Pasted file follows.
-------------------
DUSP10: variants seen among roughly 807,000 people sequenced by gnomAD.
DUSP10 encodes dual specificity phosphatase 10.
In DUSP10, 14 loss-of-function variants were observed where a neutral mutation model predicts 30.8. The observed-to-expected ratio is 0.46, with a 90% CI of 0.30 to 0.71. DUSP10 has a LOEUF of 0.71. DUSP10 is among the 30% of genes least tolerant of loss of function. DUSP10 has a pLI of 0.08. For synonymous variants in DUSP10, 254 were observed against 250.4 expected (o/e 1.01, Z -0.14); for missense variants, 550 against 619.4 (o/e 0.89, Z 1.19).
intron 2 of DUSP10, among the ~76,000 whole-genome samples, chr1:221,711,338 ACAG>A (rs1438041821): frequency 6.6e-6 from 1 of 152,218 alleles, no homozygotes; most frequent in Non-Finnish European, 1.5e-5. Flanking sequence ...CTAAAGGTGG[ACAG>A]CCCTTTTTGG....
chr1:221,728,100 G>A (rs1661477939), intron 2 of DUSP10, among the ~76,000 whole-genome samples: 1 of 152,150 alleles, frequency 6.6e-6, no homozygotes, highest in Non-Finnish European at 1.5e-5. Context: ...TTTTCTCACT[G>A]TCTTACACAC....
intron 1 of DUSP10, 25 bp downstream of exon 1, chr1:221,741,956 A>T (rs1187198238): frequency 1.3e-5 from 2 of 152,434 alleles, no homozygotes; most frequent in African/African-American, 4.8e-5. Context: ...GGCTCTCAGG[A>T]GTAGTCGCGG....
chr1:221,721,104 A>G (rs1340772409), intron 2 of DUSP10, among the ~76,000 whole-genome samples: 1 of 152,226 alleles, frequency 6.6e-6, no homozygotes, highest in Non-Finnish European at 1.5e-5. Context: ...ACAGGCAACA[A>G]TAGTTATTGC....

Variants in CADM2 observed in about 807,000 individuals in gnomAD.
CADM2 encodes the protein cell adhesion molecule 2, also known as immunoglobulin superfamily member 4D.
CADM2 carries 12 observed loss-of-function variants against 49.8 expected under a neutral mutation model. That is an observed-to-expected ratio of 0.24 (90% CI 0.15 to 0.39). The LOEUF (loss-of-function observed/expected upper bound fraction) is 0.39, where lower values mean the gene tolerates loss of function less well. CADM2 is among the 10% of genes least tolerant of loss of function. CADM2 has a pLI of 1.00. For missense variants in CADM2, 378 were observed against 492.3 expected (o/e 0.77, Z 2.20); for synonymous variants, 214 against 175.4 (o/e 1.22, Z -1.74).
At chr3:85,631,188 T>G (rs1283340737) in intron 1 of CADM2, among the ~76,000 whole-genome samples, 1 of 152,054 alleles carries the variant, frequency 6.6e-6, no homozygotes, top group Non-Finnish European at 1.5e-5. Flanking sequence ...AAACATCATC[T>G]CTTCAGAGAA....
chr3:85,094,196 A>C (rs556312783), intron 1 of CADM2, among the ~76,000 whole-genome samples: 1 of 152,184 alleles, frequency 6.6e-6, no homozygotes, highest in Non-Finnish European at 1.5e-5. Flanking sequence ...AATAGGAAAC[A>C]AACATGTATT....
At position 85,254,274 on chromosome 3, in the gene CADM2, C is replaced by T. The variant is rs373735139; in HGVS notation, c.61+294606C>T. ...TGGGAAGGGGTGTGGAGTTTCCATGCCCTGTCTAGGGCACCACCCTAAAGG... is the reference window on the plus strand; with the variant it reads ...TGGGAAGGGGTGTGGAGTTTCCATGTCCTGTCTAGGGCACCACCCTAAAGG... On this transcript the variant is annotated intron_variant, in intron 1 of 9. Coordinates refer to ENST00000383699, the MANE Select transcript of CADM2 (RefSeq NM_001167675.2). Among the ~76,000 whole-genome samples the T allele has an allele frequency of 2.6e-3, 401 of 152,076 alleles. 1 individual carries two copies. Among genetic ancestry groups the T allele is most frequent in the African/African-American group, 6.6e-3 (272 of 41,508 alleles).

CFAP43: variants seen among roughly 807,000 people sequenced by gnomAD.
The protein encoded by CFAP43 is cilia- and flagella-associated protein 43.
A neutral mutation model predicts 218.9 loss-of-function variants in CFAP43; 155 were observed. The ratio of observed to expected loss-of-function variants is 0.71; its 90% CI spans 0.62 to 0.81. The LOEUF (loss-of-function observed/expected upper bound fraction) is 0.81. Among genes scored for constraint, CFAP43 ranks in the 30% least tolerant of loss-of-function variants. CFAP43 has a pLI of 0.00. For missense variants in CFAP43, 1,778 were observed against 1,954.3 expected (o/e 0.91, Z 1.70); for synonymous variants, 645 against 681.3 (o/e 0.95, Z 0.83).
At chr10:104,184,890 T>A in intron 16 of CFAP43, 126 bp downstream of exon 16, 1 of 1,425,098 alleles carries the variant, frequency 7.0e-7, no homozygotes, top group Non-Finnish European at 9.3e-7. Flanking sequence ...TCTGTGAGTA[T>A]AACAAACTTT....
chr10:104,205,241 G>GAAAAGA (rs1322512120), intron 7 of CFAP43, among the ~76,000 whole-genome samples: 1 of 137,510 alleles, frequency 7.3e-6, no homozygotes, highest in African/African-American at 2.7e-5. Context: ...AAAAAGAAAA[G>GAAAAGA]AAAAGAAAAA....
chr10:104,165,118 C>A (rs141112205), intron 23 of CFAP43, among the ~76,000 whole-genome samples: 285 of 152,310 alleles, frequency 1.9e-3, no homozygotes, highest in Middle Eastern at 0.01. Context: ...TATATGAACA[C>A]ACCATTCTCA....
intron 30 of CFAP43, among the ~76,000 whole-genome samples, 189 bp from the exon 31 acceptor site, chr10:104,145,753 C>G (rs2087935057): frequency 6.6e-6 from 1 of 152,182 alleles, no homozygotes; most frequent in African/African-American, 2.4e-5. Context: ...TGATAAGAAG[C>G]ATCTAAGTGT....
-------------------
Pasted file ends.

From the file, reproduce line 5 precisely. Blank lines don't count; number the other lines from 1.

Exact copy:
chr1:221,728,100 G>A (rs1661477939), intron 2 of DUSP10, among the ~76,000 whole-genome samples: 1 of 152,150 alleles, frequency 6.6e-6, no homozygotes, highest in Non-Finnish European at 1.5e-5. Context: ...TTTTCTCACT[G>A]TCTTACACAC....